I want to make a home page with html/css, then add a shopping cart, ALL IN 1 CMS

I want to be able to make a custom website with html/css in cms (perhaps joomla?), and I want to add a shopping cart using some 3rd party interface such as shopsite or any good software (hopefully affordable or open source), then give my client- with no website skills- access to both so he can edit both the landing page and the shopping cart in ONE wysiwig interface. I am trying to avoid my client having to learn 2 interfaces (1 for the custom website, 1 for the shopping cart). It seems at this point if I want my client to be able to edit his own website and cart in one cms I will have to do everything with a generic shopping cart template, including the landing page. I don’t want to do this.

  1. Can I do what I want to do in Joomla?
  2. am I better off with some other program?, or
  3. Should I work from the other end and find a shopping cart with a CMS that allows me to create my own landing page and additional pages from pure html and css? Or
    4.will I just have to create the website with joomla, create the shopping cart separately with, say, shopsite, then give my customer access to both CMSs?

There is also Kooboo CMS which, if I understand correctly, says on their website that I can convert an html doc to their cms. They also say they have a shopping cart.

Thank you very much for the help from anyone.

You should use Wordpress Multi-site. Make a blog as your main page which let you post articles etc… and a Woocommerce plugin which let you add products as posts etc…

Who is Woo? Should I trust them? What about wordpress plug-in security issues and lack of accountability from plug-in developers when it comes to ensuring their applications are secure enough for some kind of security standard? Apparently none exists for open-source blog cms tools.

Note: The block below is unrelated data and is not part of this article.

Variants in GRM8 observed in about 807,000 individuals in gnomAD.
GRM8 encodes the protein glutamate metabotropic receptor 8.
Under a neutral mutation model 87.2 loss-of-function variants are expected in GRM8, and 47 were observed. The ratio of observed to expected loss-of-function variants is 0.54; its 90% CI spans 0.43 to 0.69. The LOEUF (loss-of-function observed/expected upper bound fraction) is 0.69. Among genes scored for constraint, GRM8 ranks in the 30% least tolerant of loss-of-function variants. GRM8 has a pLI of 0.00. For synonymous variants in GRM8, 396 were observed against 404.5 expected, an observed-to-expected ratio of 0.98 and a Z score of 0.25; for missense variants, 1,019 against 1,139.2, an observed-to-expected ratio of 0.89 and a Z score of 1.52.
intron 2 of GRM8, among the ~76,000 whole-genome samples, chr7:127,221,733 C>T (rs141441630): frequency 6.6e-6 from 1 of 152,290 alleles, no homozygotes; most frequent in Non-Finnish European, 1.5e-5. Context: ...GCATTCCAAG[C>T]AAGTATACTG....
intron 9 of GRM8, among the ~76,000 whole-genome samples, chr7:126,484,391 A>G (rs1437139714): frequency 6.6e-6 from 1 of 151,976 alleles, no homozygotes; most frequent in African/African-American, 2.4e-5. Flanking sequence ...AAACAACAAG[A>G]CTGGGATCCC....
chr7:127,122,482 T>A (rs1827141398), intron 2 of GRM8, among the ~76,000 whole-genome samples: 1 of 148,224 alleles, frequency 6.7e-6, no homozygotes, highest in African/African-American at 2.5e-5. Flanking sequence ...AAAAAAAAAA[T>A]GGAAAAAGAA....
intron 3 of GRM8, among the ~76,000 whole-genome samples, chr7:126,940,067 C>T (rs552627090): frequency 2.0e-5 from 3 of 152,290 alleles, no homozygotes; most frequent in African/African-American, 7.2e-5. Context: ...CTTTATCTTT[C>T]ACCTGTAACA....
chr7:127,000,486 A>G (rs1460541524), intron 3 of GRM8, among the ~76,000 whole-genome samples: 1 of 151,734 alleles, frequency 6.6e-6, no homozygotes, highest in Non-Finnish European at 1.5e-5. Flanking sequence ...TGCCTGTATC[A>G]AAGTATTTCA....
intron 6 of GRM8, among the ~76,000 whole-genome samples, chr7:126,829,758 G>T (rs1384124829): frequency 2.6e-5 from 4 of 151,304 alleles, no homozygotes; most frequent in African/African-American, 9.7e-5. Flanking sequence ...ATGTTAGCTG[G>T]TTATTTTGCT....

I think wordpress is fine for a gardening blog or something, but never for ecommerce.

Rofl… and your first question was: 1. Can I do what I want to do in Joomla? You’re kidding, right?

I just re-evaluated my needs and my question and came to the conclusion that no open-source cms is probably going to be a safe risk to take, as it probably increases the avenues of approach for hackers. If one is not proficient in hacking say, shopsite’s application, then they may be in joomla or wordpress, etc. I think I should just upload the site folder directly to my server, and use the cms of the e-commerce software alone for the shopping cart. If I combine the two it will not be on a general cms with no security standards. I will attempt to combine everything in the one shopping cart company’s cms.

Any feedback from anyone on that decision would be appreciated.

Ya, Zakelijk, I understand what you mean. I guess you helped me to realize what I should not do. I admit I didn’t think about that at first.

I know plenty of webshops which work fine with those kind of software it’s just that the software is limited to small and medium shops… If you really planning to go big with 20.000+ products then i would advice you to use “Magento”, but i gotta warn you that it’s a lot harder then Joomla and WordPress…

If your planning for a webshop with 1000 a 2000 products just go for it… get a SSL-certificate and start selling :slight_smile: Keep it simple :slight_smile:

I’ve know big stores that use Drupal and Joomla.

One thing is that you don’t take them seriously and something else is that they can’t do what he wants.

@hyper1 ;

Magento, Joomla, WordPress, Drupal… all of them can do what you want but making a decision is not easy.

You need to look into:

  • learning curve - Magento is the hardest by far. That’s why is not always suitable.

  • budget - Magento is the most expensive. Again, this is one of the reason why it may not be suitable for all the projects.

  • Support - The four of them have great support. In the case of WordPress, Drupal, Joomla because they have great communities. In the case of Magento because it is included in their fee. WordPress shopping extentions have never been designed for big stores

  • Security - A CMS or e-Store is not safer because it isn’t open source. Many of the security holes come from a bad configuration (CMS’s or/and server’s). While it would be easier for a malicious hacker to find a exploit in an FREE open source project (not all open source are free) because he can look at the code, it is also true that when a strong, big community is behind, exploits are corrected much faster.